Climatic Change

, Volume 132, Issue 4, pp 519–529 | Cite as

Moving targets—cost-effective climate policy under scientific uncertainty

  • Reyer Gerlagh
  • Thomas O. Michielsen


The IPCC’s fifth assessment report of Working Group III has just come out. It pays special attention to the 2 °C temperature target and tells us that the window of opportunity to prevent such climate change is rapidly closing. Yet, the report also presents a portfolio of stabilization targets, reflecting a fundamental ambiguity: there is no unique “dangerous” climate threshold. Here, we describe a framework for the evaluation of optimal climate policy given an uncertain formal climate threshold. We find that uncertainty leads to moving targets: even when the available information does not change, future regulators will tend to relax current climate plans.

We develop a reduced form integrated assessment model to assess the quantitative significance of our findings. We calibrate preferences such that in 2000 a stabilization target of 450 ppmv maintains the optimal balance between climate risks and abatement costs. The naïve equilibrium ultimately reaches a peak of 570 ppmv, missing the 2000 stabilizations targets by a wide margin. Our results offer an explanation for the inertia in mitigation efforts over the past decades: policies often delay the majority of abatement efforts. Yet, believing that subsequent regulators will uphold the planned future efforts is self-defeating.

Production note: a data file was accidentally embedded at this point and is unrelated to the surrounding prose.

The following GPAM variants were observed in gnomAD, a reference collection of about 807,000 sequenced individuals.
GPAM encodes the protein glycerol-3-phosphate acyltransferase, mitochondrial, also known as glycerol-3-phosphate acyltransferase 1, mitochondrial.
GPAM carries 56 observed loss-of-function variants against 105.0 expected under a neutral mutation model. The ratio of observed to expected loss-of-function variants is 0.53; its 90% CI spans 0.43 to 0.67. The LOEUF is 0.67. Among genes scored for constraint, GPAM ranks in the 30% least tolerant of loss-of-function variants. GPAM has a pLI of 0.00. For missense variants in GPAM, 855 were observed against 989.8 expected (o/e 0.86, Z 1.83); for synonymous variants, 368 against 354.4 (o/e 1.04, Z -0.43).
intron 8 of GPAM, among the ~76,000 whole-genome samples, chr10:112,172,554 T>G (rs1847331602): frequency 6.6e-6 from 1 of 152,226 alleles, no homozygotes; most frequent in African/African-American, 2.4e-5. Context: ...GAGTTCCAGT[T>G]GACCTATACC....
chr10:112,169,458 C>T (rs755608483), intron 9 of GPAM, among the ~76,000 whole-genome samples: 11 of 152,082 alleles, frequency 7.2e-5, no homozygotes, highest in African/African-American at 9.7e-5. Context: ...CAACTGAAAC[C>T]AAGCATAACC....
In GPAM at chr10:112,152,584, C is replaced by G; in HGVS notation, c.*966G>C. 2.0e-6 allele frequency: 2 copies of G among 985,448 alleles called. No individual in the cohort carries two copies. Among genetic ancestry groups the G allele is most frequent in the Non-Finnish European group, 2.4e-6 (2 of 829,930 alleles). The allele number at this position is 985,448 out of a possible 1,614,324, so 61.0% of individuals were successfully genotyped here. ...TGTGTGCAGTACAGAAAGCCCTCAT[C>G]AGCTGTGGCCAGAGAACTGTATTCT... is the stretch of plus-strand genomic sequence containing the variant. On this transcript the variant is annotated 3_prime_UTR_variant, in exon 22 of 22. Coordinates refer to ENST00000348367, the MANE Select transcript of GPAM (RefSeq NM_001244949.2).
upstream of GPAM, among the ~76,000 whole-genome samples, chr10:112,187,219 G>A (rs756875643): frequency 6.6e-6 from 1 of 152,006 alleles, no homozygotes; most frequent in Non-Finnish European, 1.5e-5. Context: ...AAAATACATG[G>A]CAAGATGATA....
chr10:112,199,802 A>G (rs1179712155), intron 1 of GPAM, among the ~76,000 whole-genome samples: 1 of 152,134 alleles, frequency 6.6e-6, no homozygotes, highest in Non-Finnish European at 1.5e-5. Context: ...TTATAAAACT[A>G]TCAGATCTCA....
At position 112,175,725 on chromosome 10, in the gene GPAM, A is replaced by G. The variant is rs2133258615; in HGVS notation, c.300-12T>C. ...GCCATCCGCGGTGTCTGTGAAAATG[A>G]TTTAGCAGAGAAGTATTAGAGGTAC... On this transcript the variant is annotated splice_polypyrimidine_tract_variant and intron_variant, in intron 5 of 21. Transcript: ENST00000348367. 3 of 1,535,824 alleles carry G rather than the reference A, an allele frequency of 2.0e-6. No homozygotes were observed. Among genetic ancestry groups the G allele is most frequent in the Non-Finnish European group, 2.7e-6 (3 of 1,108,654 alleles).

Climate Policy Carbon Price Integrate Assessment Model Cumulative Emission Stabilization Target 
These keywords were added by machine and not by the authors. This process is experimental and the keywords may be updated as the learning algorithm improves.


Author contributions

RG wrote the code for the GAMS model and STATA figures. RG and TM both contributed to the final text.

Conflict of interest

The authors declare that they have no competing interests.

Supplementary material

10584_2015_1447_MOESM1_ESM.docx (60 kb)
ESM 1 (DOCX 59 kb)


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Copyright information

© Springer Science+Business Media Dordrecht 2015

Authors and Affiliations

  1. 1.Department of Economics, CentERTSC Tilburg UniversityTilburgNetherlands
  2. 2.New CollegeUniversity of Oxford and CPB Netherlands Bureau for Economic Policy AnalysisThe HagueNetherlands

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